A construction company’s revenue is heavily tied to reputation. When consumers and other business owners are shelling out five, six, even seven figures for a contract, they demand to know the work will be done well.
Unfortunately, contracting carries a high price tag and comes with lofty expectations, so when customers are dissatisfied, they may take their complaints to the internet.
According to one defamation suit filed by a construction company against a negative reviewer, the cost of the company’s soiled reputation was worth approximately $750,000.
The impact of a bad customer experience is easy to calculate for ecommerce businesses (or anyone else selling products online).
80% of people won’t buy from a company with bad reviews. So a company selling five $100 products each day would miss out on $400 daily if four out of five customers left because of bad reviews. These losses would quickly add up to $146,000 in lost revenue annually.
Hiring and Retention
Most people think of the cost of a bad customer experience in terms of lost business or refunds. That's what we’re focusing on in this article, too, but it also affects who wants to work for you. More than 70% of U.S. workers will not apply for a job at a company with negative press.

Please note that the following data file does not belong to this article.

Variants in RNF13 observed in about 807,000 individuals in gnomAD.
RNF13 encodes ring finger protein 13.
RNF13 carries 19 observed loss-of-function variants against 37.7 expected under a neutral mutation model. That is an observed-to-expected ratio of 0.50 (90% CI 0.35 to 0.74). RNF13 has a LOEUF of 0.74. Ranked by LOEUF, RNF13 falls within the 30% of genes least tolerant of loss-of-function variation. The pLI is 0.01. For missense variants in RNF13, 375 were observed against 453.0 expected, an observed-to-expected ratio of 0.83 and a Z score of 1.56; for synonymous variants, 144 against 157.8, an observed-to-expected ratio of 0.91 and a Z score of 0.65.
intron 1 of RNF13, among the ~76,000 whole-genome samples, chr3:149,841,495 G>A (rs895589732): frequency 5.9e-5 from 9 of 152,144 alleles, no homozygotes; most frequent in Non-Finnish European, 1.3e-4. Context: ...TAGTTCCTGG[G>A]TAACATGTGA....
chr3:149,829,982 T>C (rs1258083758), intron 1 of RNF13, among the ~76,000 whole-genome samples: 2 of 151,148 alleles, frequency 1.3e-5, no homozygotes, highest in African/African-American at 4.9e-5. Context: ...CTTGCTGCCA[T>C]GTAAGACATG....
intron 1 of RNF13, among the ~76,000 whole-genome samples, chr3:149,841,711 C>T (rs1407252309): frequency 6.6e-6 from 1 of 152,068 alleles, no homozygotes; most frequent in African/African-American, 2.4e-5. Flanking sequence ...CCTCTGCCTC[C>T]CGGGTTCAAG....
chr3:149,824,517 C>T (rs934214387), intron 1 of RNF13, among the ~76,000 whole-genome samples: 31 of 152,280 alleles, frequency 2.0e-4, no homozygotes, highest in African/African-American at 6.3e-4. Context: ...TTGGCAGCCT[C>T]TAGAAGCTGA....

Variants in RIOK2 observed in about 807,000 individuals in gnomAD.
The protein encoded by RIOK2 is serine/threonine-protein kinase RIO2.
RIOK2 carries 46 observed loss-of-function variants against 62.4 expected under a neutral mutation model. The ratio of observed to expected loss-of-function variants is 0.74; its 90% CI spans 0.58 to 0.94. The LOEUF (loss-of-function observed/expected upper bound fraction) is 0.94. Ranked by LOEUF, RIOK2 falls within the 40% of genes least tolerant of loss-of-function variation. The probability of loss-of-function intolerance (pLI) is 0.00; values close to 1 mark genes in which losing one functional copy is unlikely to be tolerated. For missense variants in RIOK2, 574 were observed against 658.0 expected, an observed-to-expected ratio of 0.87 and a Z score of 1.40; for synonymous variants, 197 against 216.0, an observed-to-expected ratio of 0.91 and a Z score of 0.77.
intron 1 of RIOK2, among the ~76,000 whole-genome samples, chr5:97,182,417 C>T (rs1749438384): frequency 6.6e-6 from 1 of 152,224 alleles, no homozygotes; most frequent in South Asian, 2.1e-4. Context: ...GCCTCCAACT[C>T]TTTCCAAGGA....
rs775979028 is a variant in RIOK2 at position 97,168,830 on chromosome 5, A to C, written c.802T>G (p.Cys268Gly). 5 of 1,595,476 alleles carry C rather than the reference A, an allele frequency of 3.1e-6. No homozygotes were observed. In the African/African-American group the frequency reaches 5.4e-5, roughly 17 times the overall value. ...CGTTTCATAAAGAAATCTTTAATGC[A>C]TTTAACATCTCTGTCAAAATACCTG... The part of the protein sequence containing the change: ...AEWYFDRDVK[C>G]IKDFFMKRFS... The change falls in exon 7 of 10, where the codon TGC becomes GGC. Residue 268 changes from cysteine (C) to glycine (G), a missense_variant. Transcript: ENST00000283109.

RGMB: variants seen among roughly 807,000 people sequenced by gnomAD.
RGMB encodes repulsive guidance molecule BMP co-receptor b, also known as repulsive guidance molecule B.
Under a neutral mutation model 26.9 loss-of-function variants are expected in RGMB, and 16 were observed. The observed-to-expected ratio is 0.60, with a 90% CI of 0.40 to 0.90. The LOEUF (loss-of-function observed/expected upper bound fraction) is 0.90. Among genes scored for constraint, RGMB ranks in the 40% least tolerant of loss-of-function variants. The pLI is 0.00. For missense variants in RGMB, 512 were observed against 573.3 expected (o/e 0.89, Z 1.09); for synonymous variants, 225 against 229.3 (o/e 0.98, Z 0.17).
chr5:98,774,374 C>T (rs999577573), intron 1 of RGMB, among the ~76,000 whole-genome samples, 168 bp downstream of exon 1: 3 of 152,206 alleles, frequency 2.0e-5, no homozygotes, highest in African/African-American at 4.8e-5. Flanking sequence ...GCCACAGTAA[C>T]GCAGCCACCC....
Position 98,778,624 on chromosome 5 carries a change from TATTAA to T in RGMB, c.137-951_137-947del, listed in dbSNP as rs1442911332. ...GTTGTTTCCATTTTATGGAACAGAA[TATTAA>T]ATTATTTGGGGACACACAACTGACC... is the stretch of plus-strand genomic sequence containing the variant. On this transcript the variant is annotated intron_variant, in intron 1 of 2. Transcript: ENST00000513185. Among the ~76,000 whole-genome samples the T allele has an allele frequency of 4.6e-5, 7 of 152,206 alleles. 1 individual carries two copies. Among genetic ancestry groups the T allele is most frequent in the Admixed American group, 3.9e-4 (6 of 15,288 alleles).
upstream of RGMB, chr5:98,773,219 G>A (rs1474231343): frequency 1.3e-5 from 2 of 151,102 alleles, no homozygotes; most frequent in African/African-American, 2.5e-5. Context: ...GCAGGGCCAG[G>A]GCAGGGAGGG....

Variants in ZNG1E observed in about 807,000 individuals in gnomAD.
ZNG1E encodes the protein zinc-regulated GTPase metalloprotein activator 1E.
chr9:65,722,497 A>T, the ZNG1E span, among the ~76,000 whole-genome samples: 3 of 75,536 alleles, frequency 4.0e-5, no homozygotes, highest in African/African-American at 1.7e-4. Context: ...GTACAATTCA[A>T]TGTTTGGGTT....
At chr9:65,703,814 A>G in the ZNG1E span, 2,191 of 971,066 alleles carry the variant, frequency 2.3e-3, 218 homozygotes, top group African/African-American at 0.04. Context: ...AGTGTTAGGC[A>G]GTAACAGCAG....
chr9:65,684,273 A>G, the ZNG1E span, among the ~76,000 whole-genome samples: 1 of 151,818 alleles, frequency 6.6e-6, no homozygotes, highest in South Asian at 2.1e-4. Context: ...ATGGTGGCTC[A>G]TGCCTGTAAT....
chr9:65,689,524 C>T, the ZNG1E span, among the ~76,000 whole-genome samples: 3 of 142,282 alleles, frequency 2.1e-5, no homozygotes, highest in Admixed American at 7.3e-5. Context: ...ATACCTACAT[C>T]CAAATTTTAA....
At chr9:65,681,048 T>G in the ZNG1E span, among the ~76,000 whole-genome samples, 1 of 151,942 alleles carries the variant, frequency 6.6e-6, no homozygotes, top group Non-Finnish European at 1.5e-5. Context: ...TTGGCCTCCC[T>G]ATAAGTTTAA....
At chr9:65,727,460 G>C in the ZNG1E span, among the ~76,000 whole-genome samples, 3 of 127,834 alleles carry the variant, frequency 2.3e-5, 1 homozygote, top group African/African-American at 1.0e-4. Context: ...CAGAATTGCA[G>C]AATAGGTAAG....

The lack of available workers can drive up hiring and retention costs. Companies with a bad reputation will end up paying 21% more in salaries to keep employees on board.
If you think replacing them would be cheaper, one study calculated the cost of replacing an employee earning $50,000 annually to be $10,000,or 20% of their salary.
6 Steps to Protect Your Business from Bad Experiences
The loss of revenue from bad customer experiences and reviews can’t be ignored. Sometimes bad experiences are hard to avoid, but by following these six steps, you can build a digital fortress around your business’s reputation.
1. Plan ahead.
Perform a risk analysis of your business to identify potential customer service problems that could lead to negative reviews or customer defections.
Areas of focus will vary depending upon your industry, but you should consider the following:
- Customer inquiries
- Negative reviews
- Customer service
- Billing errors